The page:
You can but you don’t have to. Revelations is about Anderson and Saren, so it’s several years before the events of ME1. But if you’ve ever wanted the details of why Anderson didn’t become the first human Spectre, then you should pick it up.

      Ascension is where Kahlee and Grayson first appear, Cerberus is involved and there’s a lot of events dealing with biotics. I would recommend you at least start with Ascension before reading Retribution, it’s not necessary to enjoy the third book, but you’ll get some small references and have a bit more attachment to the characters that way.

  • September 11, 2010 at 7:59 pm

    Kind of an aside . . . but good dialogue writers, whether it’s conversation trees or quest dialogue, are highly underrated. If there was a game I knew Karpyshyn did the writing for I think I’d be a lot more likely to check it out. KOTOR and Mass Effect had some really great dialogue.

    • September 11, 2010 at 9:22 pm

      Absolutely, as anyone whose seen the Star Wars prequels can attest, dialog is supremely important.

    • September 12, 2010 at 3:38 am

      I totally agree. Last year I read this interview with David Gaider, the lead writer for DA:O and also the author of the DA books about the essence of dialogue writing for projects like Bioware games: http://www.gamasutra.com/view/feature/4045/the_story_thing_biowares_david_.php

      It really made me appreciate the work into writing dialogue for a game. I think that while a lot of good writers can write, without practice very few would actually be able to pull off what’s needed to make a conversation flow properly from one line to another, keeping in mind the myriad interactions the player will have at their disposal, the random order of choices he or she can make, etc. Not to mention it has to sound natural and can’t be too long-winded either. It’s like a whole different craft all together.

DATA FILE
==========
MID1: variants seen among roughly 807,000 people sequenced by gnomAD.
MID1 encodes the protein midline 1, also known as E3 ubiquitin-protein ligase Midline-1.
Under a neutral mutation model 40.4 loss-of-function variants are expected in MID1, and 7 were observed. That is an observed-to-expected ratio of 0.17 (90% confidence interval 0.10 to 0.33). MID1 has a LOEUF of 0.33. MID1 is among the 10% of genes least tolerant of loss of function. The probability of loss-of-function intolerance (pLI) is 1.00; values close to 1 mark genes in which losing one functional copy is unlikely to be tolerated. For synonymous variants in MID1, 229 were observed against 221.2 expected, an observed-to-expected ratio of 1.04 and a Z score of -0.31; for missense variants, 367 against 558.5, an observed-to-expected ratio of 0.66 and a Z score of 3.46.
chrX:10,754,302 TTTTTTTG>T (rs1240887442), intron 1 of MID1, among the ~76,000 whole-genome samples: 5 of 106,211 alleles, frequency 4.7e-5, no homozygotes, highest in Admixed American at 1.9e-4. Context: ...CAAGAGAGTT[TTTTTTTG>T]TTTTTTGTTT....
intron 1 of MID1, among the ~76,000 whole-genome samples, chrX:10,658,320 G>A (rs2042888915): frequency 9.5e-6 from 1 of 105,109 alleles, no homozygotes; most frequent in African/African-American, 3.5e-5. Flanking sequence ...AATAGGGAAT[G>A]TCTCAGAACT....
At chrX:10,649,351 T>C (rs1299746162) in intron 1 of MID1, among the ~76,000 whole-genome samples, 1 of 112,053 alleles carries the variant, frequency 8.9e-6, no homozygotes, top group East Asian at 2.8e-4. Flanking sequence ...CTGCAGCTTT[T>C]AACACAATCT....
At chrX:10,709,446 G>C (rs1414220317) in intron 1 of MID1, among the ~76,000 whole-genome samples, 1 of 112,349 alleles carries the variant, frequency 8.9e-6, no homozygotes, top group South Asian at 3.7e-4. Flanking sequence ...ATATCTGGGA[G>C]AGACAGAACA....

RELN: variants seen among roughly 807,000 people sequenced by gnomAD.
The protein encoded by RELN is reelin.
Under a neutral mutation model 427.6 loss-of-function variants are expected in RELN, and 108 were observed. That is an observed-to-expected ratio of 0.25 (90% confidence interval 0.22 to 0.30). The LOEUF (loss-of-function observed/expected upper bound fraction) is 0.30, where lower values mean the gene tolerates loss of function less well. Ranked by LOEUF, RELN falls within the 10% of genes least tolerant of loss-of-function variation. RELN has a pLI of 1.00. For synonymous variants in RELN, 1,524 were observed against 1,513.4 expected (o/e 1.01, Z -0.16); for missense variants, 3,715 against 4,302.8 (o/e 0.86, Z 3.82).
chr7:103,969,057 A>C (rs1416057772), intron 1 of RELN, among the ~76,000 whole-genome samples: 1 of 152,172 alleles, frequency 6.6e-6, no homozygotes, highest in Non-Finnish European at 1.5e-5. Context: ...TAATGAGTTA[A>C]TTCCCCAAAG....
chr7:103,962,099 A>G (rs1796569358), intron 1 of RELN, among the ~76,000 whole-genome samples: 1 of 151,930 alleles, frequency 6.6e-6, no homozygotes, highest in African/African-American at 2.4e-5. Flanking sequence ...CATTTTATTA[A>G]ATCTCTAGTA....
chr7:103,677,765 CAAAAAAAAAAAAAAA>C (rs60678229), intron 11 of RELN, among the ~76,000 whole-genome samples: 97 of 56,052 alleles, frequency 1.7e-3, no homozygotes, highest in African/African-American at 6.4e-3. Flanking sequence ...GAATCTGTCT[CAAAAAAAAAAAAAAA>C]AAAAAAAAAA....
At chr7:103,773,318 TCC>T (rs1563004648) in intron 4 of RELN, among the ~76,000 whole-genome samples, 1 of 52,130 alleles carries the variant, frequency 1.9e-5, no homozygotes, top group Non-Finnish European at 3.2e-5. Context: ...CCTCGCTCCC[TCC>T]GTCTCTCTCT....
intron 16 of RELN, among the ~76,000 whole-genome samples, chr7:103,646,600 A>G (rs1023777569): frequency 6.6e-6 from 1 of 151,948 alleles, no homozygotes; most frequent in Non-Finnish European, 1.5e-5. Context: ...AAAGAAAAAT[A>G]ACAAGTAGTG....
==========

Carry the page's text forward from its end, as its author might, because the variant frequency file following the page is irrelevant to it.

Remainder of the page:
• September 12, 2010 at 1:22 pm

        Thanks for the link, I hadn’t read that before. Dialog is definitely very tricky, for me it largely depends on how realized the characters are in my head. In games though it’s got to been much much worse since you can have multiple versions of a character, that’s got to be like mentally juggling chainsaws.

  • September 14, 2010 at 2:30 pm

    As for grammar style, I would rather have an author make frequent, if unusual, use of punctuation so long as it conveys a particular flow and style to the dialogue. How else would you convey where a pause should go in writing to emphasis a particular way a line of dialogue should sound. I seems like Bradley Wardell simply writes the way it should sound – fine with me.

    Julie Whitefeather

    • September 15, 2010 at 10:50 am

      Same for me, Sister. I read the first couple of chapters before buying the book, but the writing style really didn’t bother me at all. Then again, I’m fairly flexible regarding grammar and punctuation, but I know some people for whom that would ruin the book, so I felt like I needed to mention it.

      I’m hoping we see additional novels set in the world.

  • September 19, 2010 at 11:53 am

    How did I not comment on this post before?!? Ugh.

    I don’t know what’s wrong with me. I love Mass Effect, but I haven’t picked up any of the novels. Bookstore time?

    As for the Elemental book, I’m such a fantasy snob now that I have trouble reading anything that doesn’t immediately grab me. And anything that comes with the albatross of game fiction around its neck has an even higher hurdle to cross. Oh well, can’t hurt to open it up and see if it’s something I’d like.

    • September 22, 2010 at 8:37 pm

      I’ll be curious to see what you think on both. 🙂

Comments are closed.